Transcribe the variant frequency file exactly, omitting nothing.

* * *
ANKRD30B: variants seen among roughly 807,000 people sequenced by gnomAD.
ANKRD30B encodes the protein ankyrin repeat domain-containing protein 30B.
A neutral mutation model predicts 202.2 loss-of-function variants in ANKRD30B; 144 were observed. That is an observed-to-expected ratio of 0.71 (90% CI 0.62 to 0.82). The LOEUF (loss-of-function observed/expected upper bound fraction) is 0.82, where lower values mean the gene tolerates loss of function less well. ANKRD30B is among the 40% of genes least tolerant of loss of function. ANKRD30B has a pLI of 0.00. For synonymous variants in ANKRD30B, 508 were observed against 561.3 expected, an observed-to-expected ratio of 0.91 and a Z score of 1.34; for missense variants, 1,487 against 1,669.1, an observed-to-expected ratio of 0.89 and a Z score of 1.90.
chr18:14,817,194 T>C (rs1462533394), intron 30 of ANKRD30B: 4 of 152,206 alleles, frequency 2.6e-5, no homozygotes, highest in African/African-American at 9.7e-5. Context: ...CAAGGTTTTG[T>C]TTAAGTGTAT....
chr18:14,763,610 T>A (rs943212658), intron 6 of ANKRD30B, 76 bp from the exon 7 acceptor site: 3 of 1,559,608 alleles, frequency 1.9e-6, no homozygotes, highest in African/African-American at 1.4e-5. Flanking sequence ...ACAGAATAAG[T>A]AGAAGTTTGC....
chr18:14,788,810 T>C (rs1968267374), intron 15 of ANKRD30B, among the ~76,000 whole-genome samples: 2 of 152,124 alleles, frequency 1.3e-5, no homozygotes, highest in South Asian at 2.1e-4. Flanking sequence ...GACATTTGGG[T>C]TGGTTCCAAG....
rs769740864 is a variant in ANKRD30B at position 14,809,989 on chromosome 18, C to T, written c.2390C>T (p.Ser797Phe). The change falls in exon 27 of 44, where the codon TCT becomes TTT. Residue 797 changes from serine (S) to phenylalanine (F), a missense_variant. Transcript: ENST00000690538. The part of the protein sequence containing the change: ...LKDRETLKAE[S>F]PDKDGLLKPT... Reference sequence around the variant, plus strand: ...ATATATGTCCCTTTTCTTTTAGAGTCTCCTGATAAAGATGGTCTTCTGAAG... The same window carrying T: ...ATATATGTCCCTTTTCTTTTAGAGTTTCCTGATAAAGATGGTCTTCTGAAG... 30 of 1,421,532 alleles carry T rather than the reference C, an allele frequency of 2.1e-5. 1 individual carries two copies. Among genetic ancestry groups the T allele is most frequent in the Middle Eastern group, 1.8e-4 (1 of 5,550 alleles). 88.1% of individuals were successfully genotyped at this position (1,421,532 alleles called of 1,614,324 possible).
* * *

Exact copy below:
ANKRD30B: variants seen among roughly 807,000 people sequenced by gnomAD.
ANKRD30B encodes the protein ankyrin repeat domain-containing protein 30B.
A neutral mutation model predicts 202.2 loss-of-function variants in ANKRD30B; 144 were observed. That is an observed-to-expected ratio of 0.71 (90% CI 0.62 to 0.82). The LOEUF (loss-of-function observed/expected upper bound fraction) is 0.82, where lower values mean the gene tolerates loss of function less well. ANKRD30B is among the 40% of genes least tolerant of loss of function. ANKRD30B has a pLI of 0.00. For synonymous variants in ANKRD30B, 508 were observed against 561.3 expected, an observed-to-expected ratio of 0.91 and a Z score of 1.34; for missense variants, 1,487 against 1,669.1, an observed-to-expected ratio of 0.89 and a Z score of 1.90.
chr18:14,817,194 T>C (rs1462533394), intron 30 of ANKRD30B: 4 of 152,206 alleles, frequency 2.6e-5, no homozygotes, highest in African/African-American at 9.7e-5. Context: ...CAAGGTTTTG[T>C]TTAAGTGTAT....
chr18:14,763,610 T>A (rs943212658), intron 6 of ANKRD30B, 76 bp from the exon 7 acceptor site: 3 of 1,559,608 alleles, frequency 1.9e-6, no homozygotes, highest in African/African-American at 1.4e-5. Flanking sequence ...ACAGAATAAG[T>A]AGAAGTTTGC....
chr18:14,788,810 T>C (rs1968267374), intron 15 of ANKRD30B, among the ~76,000 whole-genome samples: 2 of 152,124 alleles, frequency 1.3e-5, no homozygotes, highest in South Asian at 2.1e-4. Flanking sequence ...GACATTTGGG[T>C]TGGTTCCAAG....
rs769740864 is a variant in ANKRD30B at position 14,809,989 on chromosome 18, C to T, written c.2390C>T (p.Ser797Phe). The change falls in exon 27 of 44, where the codon TCT becomes TTT. Residue 797 changes from serine (S) to phenylalanine (F), a missense_variant. Transcript: ENST00000690538. The part of the protein sequence containing the change: ...LKDRETLKAE[S>F]PDKDGLLKPT... Reference sequence around the variant, plus strand: ...ATATATGTCCCTTTTCTTTTAGAGTCTCCTGATAAAGATGGTCTTCTGAAG... The same window carrying T: ...ATATATGTCCCTTTTCTTTTAGAGTTTCCTGATAAAGATGGTCTTCTGAAG... 30 of 1,421,532 alleles carry T rather than the reference C, an allele frequency of 2.1e-5. 1 individual carries two copies. Among genetic ancestry groups the T allele is most frequent in the Middle Eastern group, 1.8e-4 (1 of 5,550 alleles). 88.1% of individuals were successfully genotyped at this position (1,421,532 alleles called of 1,614,324 possible).